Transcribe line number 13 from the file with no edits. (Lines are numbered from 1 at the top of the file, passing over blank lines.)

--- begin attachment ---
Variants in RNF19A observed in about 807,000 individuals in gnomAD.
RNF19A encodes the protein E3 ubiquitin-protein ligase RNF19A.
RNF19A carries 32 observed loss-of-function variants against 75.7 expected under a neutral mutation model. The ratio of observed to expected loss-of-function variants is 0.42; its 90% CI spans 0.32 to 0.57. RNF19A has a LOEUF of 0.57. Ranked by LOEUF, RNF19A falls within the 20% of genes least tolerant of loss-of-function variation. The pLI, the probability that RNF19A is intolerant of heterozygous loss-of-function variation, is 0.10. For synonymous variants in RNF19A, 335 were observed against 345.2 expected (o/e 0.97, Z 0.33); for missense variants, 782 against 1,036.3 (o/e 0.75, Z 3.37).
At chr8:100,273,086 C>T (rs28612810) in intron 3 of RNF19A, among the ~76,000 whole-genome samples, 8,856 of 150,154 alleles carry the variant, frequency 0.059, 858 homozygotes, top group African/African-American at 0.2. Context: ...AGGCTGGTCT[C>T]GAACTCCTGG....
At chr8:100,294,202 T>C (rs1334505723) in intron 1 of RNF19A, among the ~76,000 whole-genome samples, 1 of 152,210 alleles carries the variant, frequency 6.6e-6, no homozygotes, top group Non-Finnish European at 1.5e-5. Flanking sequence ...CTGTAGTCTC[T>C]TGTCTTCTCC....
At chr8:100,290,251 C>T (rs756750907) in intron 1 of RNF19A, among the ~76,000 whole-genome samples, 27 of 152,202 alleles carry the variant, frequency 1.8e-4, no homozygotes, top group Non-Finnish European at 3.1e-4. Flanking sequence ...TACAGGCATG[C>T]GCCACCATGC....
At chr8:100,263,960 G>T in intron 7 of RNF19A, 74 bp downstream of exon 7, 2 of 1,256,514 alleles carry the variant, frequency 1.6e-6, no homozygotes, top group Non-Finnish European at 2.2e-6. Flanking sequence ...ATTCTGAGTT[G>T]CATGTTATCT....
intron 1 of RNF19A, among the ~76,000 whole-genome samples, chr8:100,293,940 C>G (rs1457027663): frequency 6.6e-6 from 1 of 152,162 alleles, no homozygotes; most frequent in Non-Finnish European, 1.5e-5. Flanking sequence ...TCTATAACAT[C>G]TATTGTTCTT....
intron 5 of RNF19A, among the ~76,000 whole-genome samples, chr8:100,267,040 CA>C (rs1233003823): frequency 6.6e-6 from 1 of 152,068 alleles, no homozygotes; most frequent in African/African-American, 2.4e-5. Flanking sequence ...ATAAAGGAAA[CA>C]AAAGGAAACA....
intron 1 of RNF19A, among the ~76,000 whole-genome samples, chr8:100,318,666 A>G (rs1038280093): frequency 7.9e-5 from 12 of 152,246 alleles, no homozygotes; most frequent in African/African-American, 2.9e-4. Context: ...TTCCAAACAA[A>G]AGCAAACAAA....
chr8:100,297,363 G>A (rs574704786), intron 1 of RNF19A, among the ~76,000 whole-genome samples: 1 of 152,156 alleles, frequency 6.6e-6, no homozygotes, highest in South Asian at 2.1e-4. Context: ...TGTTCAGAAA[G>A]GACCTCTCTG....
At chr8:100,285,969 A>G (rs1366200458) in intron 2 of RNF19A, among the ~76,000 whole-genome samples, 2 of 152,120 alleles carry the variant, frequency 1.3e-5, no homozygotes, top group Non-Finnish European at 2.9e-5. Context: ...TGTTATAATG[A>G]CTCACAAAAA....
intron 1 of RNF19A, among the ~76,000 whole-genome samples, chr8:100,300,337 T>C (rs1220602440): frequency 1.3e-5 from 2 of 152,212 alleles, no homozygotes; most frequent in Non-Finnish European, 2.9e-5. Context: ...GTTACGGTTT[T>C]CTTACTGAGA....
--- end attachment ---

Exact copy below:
intron 1 of RNF19A, among the ~76,000 whole-genome samples, chr8:100,300,337 T>C (rs1220602440): frequency 1.3e-5 from 2 of 152,212 alleles, no homozygotes; most frequent in Non-Finnish European, 2.9e-5. Context: ...GTTACGGTTT[T>C]CTTACTGAGA....